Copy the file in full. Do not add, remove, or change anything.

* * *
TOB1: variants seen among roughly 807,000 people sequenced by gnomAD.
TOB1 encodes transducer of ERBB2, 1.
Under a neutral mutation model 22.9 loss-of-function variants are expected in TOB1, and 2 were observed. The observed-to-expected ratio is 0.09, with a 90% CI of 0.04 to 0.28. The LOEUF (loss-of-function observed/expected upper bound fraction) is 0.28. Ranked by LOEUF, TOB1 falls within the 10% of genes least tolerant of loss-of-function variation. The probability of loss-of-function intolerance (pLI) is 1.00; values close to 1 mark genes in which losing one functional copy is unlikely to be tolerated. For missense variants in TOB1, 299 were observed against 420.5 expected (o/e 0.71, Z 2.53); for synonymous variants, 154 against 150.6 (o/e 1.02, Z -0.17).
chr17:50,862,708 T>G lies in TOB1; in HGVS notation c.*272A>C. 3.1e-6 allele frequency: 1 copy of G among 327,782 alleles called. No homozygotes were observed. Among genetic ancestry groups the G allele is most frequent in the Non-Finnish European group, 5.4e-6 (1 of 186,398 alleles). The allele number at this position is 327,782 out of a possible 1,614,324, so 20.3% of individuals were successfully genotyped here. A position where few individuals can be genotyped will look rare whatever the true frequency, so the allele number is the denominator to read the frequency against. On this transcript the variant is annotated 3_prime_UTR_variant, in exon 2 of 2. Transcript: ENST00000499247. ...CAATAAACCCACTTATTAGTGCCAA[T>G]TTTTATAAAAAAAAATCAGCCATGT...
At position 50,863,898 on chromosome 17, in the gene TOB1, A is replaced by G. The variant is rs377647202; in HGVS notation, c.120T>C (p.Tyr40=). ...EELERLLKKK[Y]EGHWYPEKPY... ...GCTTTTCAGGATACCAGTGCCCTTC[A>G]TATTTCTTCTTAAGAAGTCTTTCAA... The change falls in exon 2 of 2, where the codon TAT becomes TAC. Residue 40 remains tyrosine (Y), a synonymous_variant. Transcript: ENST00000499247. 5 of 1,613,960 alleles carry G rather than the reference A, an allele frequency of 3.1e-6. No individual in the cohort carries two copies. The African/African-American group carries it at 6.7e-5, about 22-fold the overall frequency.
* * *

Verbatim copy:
TOB1: variants seen among roughly 807,000 people sequenced by gnomAD.
TOB1 encodes transducer of ERBB2, 1.
Under a neutral mutation model 22.9 loss-of-function variants are expected in TOB1, and 2 were observed. The observed-to-expected ratio is 0.09, with a 90% CI of 0.04 to 0.28. The LOEUF (loss-of-function observed/expected upper bound fraction) is 0.28. Ranked by LOEUF, TOB1 falls within the 10% of genes least tolerant of loss-of-function variation. The probability of loss-of-function intolerance (pLI) is 1.00; values close to 1 mark genes in which losing one functional copy is unlikely to be tolerated. For missense variants in TOB1, 299 were observed against 420.5 expected (o/e 0.71, Z 2.53); for synonymous variants, 154 against 150.6 (o/e 1.02, Z -0.17).
chr17:50,862,708 T>G lies in TOB1; in HGVS notation c.*272A>C. 3.1e-6 allele frequency: 1 copy of G among 327,782 alleles called. No homozygotes were observed. Among genetic ancestry groups the G allele is most frequent in the Non-Finnish European group, 5.4e-6 (1 of 186,398 alleles). The allele number at this position is 327,782 out of a possible 1,614,324, so 20.3% of individuals were successfully genotyped here. A position where few individuals can be genotyped will look rare whatever the true frequency, so the allele number is the denominator to read the frequency against. On this transcript the variant is annotated 3_prime_UTR_variant, in exon 2 of 2. Transcript: ENST00000499247. ...CAATAAACCCACTTATTAGTGCCAA[T>G]TTTTATAAAAAAAAATCAGCCATGT...
At position 50,863,898 on chromosome 17, in the gene TOB1, A is replaced by G. The variant is rs377647202; in HGVS notation, c.120T>C (p.Tyr40=). ...EELERLLKKK[Y]EGHWYPEKPY... ...GCTTTTCAGGATACCAGTGCCCTTC[A>G]TATTTCTTCTTAAGAAGTCTTTCAA... The change falls in exon 2 of 2, where the codon TAT becomes TAC. Residue 40 remains tyrosine (Y), a synonymous_variant. Transcript: ENST00000499247. 5 of 1,613,960 alleles carry G rather than the reference A, an allele frequency of 3.1e-6. No individual in the cohort carries two copies. The African/African-American group carries it at 6.7e-5, about 22-fold the overall frequency.